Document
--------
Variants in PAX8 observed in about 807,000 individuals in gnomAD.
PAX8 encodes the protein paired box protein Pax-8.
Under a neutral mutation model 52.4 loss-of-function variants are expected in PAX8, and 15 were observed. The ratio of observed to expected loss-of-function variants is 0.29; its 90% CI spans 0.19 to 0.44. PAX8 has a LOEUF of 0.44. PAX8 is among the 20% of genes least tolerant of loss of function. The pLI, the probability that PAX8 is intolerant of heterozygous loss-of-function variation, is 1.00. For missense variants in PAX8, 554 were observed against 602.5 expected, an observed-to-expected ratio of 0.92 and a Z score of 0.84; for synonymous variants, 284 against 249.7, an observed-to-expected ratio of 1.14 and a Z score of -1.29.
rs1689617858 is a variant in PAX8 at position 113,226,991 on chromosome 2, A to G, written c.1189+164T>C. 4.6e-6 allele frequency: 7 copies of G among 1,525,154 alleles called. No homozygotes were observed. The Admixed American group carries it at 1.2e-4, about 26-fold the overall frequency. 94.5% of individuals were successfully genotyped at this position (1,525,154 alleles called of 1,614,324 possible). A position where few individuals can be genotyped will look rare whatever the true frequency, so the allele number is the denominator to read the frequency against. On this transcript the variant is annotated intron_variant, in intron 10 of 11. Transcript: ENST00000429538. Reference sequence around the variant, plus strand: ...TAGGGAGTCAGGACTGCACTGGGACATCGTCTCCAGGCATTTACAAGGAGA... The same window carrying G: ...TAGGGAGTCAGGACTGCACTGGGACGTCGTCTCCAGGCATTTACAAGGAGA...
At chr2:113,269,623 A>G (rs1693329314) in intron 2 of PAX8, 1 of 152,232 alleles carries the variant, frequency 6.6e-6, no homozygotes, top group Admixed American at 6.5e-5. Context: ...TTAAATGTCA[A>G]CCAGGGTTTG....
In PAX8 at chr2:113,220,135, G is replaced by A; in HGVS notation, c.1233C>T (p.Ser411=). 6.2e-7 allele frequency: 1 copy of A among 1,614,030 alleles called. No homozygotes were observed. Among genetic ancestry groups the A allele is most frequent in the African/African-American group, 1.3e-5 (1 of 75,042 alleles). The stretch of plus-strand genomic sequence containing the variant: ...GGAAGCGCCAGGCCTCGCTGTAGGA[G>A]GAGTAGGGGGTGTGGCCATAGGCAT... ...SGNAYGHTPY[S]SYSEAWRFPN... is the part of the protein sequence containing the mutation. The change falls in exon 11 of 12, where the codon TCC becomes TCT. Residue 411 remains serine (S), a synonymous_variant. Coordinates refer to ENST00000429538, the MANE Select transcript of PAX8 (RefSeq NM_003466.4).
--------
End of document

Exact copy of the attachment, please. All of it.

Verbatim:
Variants in PAX8 observed in about 807,000 individuals in gnomAD.
PAX8 encodes the protein paired box protein Pax-8.
Under a neutral mutation model 52.4 loss-of-function variants are expected in PAX8, and 15 were observed. The ratio of observed to expected loss-of-function variants is 0.29; its 90% CI spans 0.19 to 0.44. PAX8 has a LOEUF of 0.44. PAX8 is among the 20% of genes least tolerant of loss of function. The pLI, the probability that PAX8 is intolerant of heterozygous loss-of-function variation, is 1.00. For missense variants in PAX8, 554 were observed against 602.5 expected, an observed-to-expected ratio of 0.92 and a Z score of 0.84; for synonymous variants, 284 against 249.7, an observed-to-expected ratio of 1.14 and a Z score of -1.29.
rs1689617858 is a variant in PAX8 at position 113,226,991 on chromosome 2, A to G, written c.1189+164T>C. 4.6e-6 allele frequency: 7 copies of G among 1,525,154 alleles called. No homozygotes were observed. The Admixed American group carries it at 1.2e-4, about 26-fold the overall frequency. 94.5% of individuals were successfully genotyped at this position (1,525,154 alleles called of 1,614,324 possible). A position where few individuals can be genotyped will look rare whatever the true frequency, so the allele number is the denominator to read the frequency against. On this transcript the variant is annotated intron_variant, in intron 10 of 11. Transcript: ENST00000429538. Reference sequence around the variant, plus strand: ...TAGGGAGTCAGGACTGCACTGGGACATCGTCTCCAGGCATTTACAAGGAGA... The same window carrying G: ...TAGGGAGTCAGGACTGCACTGGGACGTCGTCTCCAGGCATTTACAAGGAGA...
At chr2:113,269,623 A>G (rs1693329314) in intron 2 of PAX8, 1 of 152,232 alleles carries the variant, frequency 6.6e-6, no homozygotes, top group Admixed American at 6.5e-5. Context: ...TTAAATGTCA[A>G]CCAGGGTTTG....
In PAX8 at chr2:113,220,135, G is replaced by A; in HGVS notation, c.1233C>T (p.Ser411=). 6.2e-7 allele frequency: 1 copy of A among 1,614,030 alleles called. No homozygotes were observed. Among genetic ancestry groups the A allele is most frequent in the African/African-American group, 1.3e-5 (1 of 75,042 alleles). The stretch of plus-strand genomic sequence containing the variant: ...GGAAGCGCCAGGCCTCGCTGTAGGA[G>A]GAGTAGGGGGTGTGGCCATAGGCAT... ...SGNAYGHTPY[S]SYSEAWRFPN... is the part of the protein sequence containing the mutation. The change falls in exon 11 of 12, where the codon TCC becomes TCT. Residue 411 remains serine (S), a synonymous_variant. Coordinates refer to ENST00000429538, the MANE Select transcript of PAX8 (RefSeq NM_003466.4).